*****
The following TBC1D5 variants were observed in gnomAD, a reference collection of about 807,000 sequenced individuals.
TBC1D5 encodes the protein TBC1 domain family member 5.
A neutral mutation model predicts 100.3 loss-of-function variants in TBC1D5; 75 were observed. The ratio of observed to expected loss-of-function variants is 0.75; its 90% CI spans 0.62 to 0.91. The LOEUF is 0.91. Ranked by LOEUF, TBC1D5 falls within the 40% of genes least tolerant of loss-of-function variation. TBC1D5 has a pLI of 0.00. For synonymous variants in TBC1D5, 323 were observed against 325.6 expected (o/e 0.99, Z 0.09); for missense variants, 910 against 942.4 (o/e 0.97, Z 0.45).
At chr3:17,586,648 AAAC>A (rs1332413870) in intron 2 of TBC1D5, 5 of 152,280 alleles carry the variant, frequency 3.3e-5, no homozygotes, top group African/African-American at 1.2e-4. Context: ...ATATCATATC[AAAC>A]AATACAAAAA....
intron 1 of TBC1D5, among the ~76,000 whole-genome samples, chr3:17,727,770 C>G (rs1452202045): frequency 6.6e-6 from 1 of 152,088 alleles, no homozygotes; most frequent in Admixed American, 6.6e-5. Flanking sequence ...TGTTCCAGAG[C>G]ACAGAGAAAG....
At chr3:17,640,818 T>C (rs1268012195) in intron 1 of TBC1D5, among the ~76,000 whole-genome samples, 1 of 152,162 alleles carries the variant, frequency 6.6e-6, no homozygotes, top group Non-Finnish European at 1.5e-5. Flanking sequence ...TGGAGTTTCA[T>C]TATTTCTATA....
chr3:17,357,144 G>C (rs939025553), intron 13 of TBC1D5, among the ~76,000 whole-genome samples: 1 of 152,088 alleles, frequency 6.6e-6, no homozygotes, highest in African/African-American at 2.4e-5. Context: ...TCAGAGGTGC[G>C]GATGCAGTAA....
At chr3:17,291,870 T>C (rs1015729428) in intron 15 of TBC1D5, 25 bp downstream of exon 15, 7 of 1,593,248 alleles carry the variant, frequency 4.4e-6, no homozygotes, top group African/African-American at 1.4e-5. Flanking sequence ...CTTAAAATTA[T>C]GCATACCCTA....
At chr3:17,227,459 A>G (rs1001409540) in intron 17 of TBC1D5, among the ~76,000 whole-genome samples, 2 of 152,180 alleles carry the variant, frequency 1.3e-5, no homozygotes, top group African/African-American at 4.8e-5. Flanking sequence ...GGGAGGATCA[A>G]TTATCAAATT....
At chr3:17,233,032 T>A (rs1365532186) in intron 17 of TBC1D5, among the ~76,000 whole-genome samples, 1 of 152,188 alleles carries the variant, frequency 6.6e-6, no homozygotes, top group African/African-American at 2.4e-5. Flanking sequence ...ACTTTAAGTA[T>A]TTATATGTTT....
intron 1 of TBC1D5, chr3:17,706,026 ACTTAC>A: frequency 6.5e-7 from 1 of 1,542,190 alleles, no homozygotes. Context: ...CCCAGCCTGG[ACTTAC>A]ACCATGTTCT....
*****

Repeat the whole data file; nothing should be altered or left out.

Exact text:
The following TBC1D5 variants were observed in gnomAD, a reference collection of about 807,000 sequenced individuals.
TBC1D5 encodes the protein TBC1 domain family member 5.
A neutral mutation model predicts 100.3 loss-of-function variants in TBC1D5; 75 were observed. The ratio of observed to expected loss-of-function variants is 0.75; its 90% CI spans 0.62 to 0.91. The LOEUF is 0.91. Ranked by LOEUF, TBC1D5 falls within the 40% of genes least tolerant of loss-of-function variation. TBC1D5 has a pLI of 0.00. For synonymous variants in TBC1D5, 323 were observed against 325.6 expected (o/e 0.99, Z 0.09); for missense variants, 910 against 942.4 (o/e 0.97, Z 0.45).
At chr3:17,586,648 AAAC>A (rs1332413870) in intron 2 of TBC1D5, 5 of 152,280 alleles carry the variant, frequency 3.3e-5, no homozygotes, top group African/African-American at 1.2e-4. Context: ...ATATCATATC[AAAC>A]AATACAAAAA....
intron 1 of TBC1D5, among the ~76,000 whole-genome samples, chr3:17,727,770 C>G (rs1452202045): frequency 6.6e-6 from 1 of 152,088 alleles, no homozygotes; most frequent in Admixed American, 6.6e-5. Flanking sequence ...TGTTCCAGAG[C>G]ACAGAGAAAG....
At chr3:17,640,818 T>C (rs1268012195) in intron 1 of TBC1D5, among the ~76,000 whole-genome samples, 1 of 152,162 alleles carries the variant, frequency 6.6e-6, no homozygotes, top group Non-Finnish European at 1.5e-5. Flanking sequence ...TGGAGTTTCA[T>C]TATTTCTATA....
chr3:17,357,144 G>C (rs939025553), intron 13 of TBC1D5, among the ~76,000 whole-genome samples: 1 of 152,088 alleles, frequency 6.6e-6, no homozygotes, highest in African/African-American at 2.4e-5. Context: ...TCAGAGGTGC[G>C]GATGCAGTAA....
At chr3:17,291,870 T>C (rs1015729428) in intron 15 of TBC1D5, 25 bp downstream of exon 15, 7 of 1,593,248 alleles carry the variant, frequency 4.4e-6, no homozygotes, top group African/African-American at 1.4e-5. Flanking sequence ...CTTAAAATTA[T>C]GCATACCCTA....
At chr3:17,227,459 A>G (rs1001409540) in intron 17 of TBC1D5, among the ~76,000 whole-genome samples, 2 of 152,180 alleles carry the variant, frequency 1.3e-5, no homozygotes, top group African/African-American at 4.8e-5. Flanking sequence ...GGGAGGATCA[A>G]TTATCAAATT....
At chr3:17,233,032 T>A (rs1365532186) in intron 17 of TBC1D5, among the ~76,000 whole-genome samples, 1 of 152,188 alleles carries the variant, frequency 6.6e-6, no homozygotes, top group African/African-American at 2.4e-5. Flanking sequence ...ACTTTAAGTA[T>A]TTATATGTTT....
intron 1 of TBC1D5, chr3:17,706,026 ACTTAC>A: frequency 6.5e-7 from 1 of 1,542,190 alleles, no homozygotes. Context: ...CCCAGCCTGG[ACTTAC>A]ACCATGTTCT....